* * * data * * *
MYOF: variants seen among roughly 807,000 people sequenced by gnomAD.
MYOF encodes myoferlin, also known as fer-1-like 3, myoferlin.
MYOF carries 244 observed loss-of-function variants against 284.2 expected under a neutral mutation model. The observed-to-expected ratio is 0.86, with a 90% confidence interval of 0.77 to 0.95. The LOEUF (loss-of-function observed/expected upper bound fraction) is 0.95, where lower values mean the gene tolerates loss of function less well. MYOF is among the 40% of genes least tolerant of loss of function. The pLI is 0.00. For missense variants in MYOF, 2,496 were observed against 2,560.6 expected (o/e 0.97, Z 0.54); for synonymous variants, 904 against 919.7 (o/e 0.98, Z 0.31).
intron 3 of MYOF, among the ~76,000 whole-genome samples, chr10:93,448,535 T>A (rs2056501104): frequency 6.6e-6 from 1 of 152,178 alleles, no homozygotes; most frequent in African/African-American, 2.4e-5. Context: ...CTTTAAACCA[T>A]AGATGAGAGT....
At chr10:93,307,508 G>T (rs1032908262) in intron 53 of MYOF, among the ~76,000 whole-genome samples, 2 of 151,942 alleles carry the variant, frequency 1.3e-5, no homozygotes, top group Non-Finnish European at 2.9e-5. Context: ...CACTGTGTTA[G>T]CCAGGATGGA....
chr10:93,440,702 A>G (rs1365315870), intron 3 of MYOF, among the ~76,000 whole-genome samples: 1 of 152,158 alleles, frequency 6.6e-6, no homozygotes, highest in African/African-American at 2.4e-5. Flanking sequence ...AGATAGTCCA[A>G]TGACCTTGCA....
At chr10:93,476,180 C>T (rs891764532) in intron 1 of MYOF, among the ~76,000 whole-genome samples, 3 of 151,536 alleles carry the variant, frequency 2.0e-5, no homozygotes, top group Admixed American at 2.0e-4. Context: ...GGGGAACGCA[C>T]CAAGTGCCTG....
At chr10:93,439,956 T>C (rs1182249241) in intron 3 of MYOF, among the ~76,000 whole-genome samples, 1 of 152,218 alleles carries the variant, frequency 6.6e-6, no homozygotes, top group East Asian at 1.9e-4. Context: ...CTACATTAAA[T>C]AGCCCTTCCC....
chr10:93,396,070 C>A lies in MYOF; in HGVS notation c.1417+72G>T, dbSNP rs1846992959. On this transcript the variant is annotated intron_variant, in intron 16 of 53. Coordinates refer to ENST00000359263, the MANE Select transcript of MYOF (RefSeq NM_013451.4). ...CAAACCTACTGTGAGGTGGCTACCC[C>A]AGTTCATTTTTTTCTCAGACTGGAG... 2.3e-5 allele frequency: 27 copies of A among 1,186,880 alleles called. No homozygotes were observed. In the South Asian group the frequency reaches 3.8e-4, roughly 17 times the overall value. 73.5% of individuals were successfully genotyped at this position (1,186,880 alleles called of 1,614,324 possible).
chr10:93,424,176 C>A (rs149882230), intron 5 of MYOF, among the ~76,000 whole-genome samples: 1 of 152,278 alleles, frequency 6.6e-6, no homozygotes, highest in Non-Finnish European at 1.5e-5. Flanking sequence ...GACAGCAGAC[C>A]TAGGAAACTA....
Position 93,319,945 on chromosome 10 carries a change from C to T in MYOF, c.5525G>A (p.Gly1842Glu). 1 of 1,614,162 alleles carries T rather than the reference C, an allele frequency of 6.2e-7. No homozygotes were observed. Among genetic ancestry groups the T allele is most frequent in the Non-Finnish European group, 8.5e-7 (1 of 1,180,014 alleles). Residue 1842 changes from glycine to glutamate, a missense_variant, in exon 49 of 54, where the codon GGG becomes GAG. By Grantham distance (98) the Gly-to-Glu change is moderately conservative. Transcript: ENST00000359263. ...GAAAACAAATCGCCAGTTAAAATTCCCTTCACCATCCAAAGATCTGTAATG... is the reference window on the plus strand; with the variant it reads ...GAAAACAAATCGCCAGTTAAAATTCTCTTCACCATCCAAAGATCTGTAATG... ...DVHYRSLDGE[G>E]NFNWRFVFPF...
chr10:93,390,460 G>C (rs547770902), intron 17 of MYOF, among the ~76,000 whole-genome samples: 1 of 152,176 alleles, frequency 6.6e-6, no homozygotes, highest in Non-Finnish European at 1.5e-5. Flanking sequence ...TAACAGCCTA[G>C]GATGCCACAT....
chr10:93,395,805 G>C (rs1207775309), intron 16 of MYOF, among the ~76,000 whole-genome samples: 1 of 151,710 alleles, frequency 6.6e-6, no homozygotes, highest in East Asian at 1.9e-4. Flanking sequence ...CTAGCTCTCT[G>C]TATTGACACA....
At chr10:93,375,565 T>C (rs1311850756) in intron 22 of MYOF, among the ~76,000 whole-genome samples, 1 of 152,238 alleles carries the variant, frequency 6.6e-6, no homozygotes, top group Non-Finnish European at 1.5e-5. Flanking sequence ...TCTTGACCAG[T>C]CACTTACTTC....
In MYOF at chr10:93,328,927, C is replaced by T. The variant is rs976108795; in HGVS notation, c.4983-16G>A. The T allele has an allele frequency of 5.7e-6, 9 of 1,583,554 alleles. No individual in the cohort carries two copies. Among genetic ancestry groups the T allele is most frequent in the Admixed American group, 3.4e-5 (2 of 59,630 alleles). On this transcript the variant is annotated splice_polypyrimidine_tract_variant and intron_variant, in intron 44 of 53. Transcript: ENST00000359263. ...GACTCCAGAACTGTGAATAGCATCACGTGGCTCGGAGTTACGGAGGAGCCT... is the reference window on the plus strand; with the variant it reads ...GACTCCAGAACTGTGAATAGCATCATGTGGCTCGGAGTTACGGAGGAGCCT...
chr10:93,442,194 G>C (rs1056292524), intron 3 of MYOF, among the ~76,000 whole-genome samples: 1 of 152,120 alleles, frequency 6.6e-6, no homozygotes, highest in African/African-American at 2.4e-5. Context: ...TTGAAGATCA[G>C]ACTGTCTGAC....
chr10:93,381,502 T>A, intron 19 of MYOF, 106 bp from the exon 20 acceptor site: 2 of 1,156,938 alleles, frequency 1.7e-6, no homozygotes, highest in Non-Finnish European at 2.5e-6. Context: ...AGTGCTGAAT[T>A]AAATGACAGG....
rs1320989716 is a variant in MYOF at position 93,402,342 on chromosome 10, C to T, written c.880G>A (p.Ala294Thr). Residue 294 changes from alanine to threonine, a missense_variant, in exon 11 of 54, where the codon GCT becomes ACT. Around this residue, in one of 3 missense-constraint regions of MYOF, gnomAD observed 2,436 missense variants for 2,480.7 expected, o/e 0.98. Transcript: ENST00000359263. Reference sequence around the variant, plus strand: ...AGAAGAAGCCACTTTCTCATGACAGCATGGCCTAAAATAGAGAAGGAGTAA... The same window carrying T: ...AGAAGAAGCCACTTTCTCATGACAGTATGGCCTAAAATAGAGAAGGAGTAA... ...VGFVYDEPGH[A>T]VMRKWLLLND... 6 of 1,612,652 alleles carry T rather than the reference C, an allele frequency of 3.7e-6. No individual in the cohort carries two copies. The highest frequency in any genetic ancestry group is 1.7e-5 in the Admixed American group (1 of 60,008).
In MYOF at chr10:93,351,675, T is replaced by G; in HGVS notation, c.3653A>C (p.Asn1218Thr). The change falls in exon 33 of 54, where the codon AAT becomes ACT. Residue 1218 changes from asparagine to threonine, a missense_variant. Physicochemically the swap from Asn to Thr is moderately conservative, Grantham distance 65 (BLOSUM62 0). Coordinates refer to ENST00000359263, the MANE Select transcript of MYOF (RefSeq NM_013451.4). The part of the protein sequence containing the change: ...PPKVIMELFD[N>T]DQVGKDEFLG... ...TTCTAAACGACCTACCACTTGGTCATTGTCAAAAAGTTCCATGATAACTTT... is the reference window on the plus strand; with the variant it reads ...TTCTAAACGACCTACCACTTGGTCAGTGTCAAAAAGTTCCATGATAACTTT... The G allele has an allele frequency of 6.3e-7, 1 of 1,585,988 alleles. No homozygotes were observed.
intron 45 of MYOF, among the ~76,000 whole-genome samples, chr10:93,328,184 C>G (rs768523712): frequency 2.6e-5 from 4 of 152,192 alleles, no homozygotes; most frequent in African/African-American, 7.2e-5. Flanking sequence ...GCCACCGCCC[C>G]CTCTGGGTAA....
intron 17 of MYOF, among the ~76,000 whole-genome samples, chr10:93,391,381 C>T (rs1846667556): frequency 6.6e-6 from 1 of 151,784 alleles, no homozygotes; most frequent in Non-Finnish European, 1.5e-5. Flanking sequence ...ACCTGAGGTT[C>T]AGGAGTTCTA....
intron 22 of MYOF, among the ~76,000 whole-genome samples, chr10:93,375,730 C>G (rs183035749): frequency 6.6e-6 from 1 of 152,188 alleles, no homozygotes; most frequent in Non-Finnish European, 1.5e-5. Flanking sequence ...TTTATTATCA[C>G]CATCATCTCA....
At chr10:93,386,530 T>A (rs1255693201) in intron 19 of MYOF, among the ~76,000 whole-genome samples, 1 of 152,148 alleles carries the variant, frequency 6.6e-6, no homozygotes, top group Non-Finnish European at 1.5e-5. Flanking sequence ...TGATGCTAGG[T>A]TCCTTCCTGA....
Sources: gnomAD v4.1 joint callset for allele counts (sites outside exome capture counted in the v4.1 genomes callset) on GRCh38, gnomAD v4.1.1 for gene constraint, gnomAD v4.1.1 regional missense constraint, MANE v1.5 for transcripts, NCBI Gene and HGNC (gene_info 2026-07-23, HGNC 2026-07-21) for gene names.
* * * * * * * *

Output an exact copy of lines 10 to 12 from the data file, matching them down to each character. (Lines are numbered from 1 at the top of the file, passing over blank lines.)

chr10:93,424,176 C>A (rs149882230), intron 5 of MYOF, among the ~76,000 whole-genome samples: 1 of 152,278 alleles, frequency 6.6e-6, no homozygotes, highest in Non-Finnish European at 1.5e-5. Flanking sequence ...GACAGCAGAC[C>A]TAGGAAACTA....
Position 93,319,945 on chromosome 10 carries a change from C to T in MYOF, c.5525G>A (p.Gly1842Glu). 1 of 1,614,162 alleles carries T rather than the reference C, an allele frequency of 6.2e-7. No homozygotes were observed. Among genetic ancestry groups the T allele is most frequent in the Non-Finnish European group, 8.5e-7 (1 of 1,180,014 alleles). Residue 1842 changes from glycine to glutamate, a missense_variant, in exon 49 of 54, where the codon GGG becomes GAG. By Grantham distance (98) the Gly-to-Glu change is moderately conservative. Transcript: ENST00000359263. ...GAAAACAAATCGCCAGTTAAAATTCCCTTCACCATCCAAAGATCTGTAATG... is the reference window on the plus strand; with the variant it reads ...GAAAACAAATCGCCAGTTAAAATTCTCTTCACCATCCAAAGATCTGTAATG... ...DVHYRSLDGE[G>E]NFNWRFVFPF...
chr10:93,390,460 G>C (rs547770902), intron 17 of MYOF, among the ~76,000 whole-genome samples: 1 of 152,176 alleles, frequency 6.6e-6, no homozygotes, highest in Non-Finnish European at 1.5e-5. Flanking sequence ...TAACAGCCTA[G>C]GATGCCACAT....